Now is the time for China to use its "financial weapon" to teach the United States a lesson if it moves forward with a plan to sale arms to Taiwan. In fact, China has never wanted to use its holdings of U.S. debt as a weapon. It is the United States that is forcing it to do so.
The U.S. House of Representatives just passed a debt ceiling bill on Aug. 1. On the next day, a total of 181 members of the House of Representatives signed a letter sent to U.S. President Barack Obama stating that the federal government should approve the sale of F-16 C/D fighter jets to Taiwan as soon as possible to help ensure peace and stability across the Taiwan Strait.
The U.S. Senate passed the debt ceiling bill on Aug. 2, and Obama signed it into law. Shortly thereafter, the U.S. Treasury obtained the authorization to issue 400 billion U.S. dollars in new debt. Will China become the largest buyer of U.S. debt again?
Despite knowing that major creditor countries, especially China, would be the main buyers of its new debt, certain arrogant and disrespectful U.S. Congress members have totally ignored China’s core interests by pressuring the president to sell advanced jets and even an arms upgrade package to Taiwan.
U.S. treasuries will lose value if China stops or reduces its purchases of them on a large scale, which will also affect the value of China's U.S. treasury holdings. However, as the situation has gotten out of hand, allowing Washington politicians to continue their game might lead to more losses.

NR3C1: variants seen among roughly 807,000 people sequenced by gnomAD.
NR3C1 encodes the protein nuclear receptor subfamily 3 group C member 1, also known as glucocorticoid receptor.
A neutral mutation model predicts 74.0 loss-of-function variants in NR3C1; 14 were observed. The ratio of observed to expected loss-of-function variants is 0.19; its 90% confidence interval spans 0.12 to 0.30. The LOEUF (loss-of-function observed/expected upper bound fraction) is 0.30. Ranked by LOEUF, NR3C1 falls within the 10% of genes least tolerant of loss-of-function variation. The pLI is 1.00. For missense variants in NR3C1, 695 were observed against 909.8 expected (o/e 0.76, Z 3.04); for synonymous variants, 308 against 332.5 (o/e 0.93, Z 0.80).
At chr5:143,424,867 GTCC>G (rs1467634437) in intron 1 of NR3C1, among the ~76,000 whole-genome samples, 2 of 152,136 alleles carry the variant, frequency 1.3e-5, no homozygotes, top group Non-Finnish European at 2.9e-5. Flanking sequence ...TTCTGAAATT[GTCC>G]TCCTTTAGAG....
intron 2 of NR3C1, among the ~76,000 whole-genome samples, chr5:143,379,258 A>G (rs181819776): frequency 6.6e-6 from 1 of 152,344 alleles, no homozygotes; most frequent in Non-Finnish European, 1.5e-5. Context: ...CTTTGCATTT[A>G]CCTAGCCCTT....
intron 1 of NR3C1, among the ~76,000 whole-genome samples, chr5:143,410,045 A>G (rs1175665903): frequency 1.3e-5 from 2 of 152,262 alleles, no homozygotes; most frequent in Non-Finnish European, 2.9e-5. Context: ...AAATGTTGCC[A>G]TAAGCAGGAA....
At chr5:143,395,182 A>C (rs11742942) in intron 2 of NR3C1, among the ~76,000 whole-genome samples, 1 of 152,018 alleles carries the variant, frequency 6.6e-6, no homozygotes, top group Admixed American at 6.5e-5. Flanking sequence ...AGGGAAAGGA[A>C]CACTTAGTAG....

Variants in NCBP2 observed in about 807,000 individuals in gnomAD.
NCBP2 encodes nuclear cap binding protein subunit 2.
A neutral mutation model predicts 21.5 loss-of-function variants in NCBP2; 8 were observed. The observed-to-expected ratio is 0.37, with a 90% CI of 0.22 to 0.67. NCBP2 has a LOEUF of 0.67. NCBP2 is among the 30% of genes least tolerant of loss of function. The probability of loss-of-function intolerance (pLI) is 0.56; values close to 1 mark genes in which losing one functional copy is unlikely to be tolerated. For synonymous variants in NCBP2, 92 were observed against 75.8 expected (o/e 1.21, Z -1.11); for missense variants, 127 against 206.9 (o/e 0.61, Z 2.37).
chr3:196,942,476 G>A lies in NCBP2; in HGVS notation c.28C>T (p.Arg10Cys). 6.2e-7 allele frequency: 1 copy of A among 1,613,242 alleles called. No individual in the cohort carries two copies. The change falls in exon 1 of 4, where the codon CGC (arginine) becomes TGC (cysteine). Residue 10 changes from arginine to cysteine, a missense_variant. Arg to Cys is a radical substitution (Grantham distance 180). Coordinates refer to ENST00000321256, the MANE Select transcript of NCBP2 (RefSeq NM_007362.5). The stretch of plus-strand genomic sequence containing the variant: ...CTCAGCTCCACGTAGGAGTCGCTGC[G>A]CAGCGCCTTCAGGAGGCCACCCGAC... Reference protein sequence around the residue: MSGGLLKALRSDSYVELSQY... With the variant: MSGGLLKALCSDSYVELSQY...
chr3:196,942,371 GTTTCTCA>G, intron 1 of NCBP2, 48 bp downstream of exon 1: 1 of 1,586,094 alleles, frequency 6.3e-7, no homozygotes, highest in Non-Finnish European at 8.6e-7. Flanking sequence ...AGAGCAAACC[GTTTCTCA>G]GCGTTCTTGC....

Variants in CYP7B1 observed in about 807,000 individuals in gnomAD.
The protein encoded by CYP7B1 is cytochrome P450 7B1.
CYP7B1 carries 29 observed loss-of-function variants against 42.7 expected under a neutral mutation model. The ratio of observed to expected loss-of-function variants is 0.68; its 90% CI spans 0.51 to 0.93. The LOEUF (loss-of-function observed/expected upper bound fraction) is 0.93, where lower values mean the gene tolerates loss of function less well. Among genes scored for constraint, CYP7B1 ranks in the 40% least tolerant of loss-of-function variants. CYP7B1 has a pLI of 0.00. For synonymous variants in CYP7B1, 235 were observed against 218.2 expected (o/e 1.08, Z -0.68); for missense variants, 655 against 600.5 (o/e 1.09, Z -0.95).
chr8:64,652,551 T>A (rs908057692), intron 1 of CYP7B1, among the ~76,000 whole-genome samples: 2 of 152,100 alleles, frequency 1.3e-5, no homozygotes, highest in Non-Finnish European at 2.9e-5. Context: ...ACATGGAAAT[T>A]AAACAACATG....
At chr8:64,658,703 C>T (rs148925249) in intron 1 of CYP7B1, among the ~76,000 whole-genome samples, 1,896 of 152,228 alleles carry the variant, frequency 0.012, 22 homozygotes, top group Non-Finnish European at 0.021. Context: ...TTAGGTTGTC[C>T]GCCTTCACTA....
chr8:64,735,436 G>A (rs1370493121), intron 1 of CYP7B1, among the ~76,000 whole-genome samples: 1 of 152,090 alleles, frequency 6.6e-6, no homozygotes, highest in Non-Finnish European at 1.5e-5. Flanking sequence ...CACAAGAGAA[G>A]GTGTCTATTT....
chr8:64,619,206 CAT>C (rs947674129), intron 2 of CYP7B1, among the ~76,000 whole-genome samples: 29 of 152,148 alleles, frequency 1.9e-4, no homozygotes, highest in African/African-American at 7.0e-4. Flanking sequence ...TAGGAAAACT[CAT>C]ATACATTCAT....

U.S. arms sales to Taiwan can only create more jobs for the United States but cannot improve the ability of Taiwan's military force to compete with the Chinese mainland. The essence of the problem is that some U.S. Congress members hold a contemptuous attitude toward the core interests of China, which shows that they will never respect China. China-U.S. relations will always be constrained by these people and will continue along a roller coaster pattern if China does not beat them until they feel the pain.
Stopping or massively reducing U.S. Treasury bond purchases will certainly bring losses to China to a certain degree. China must try to reduce the loss and transfer the passive situation to an active one. China should consider how to build a direct link between the U.S. Treasury bond purchase and U.S. domestic politics while adopting measures to gradually adjust the structure of China's foreign exchange reserves.
For example, China can directly link the amount of U.S. treasury holdings with U.S. arms sales to Taiwan and require international credit rating agencies to demote U.S. treasuries to force the United States to raise interest rates. China can also launch limited trade sanctions to the states of those U.S. Congress members who vigorously advocated arms sales to Taiwan to affect their employment.
Because it is the money of the people earned through hard work, China is not willing to arbitrarily use U.S. Treasury holdings as a weapon. However, China has no choice but to use it as a weapon to defend itself when facing threats to China's sovereignty.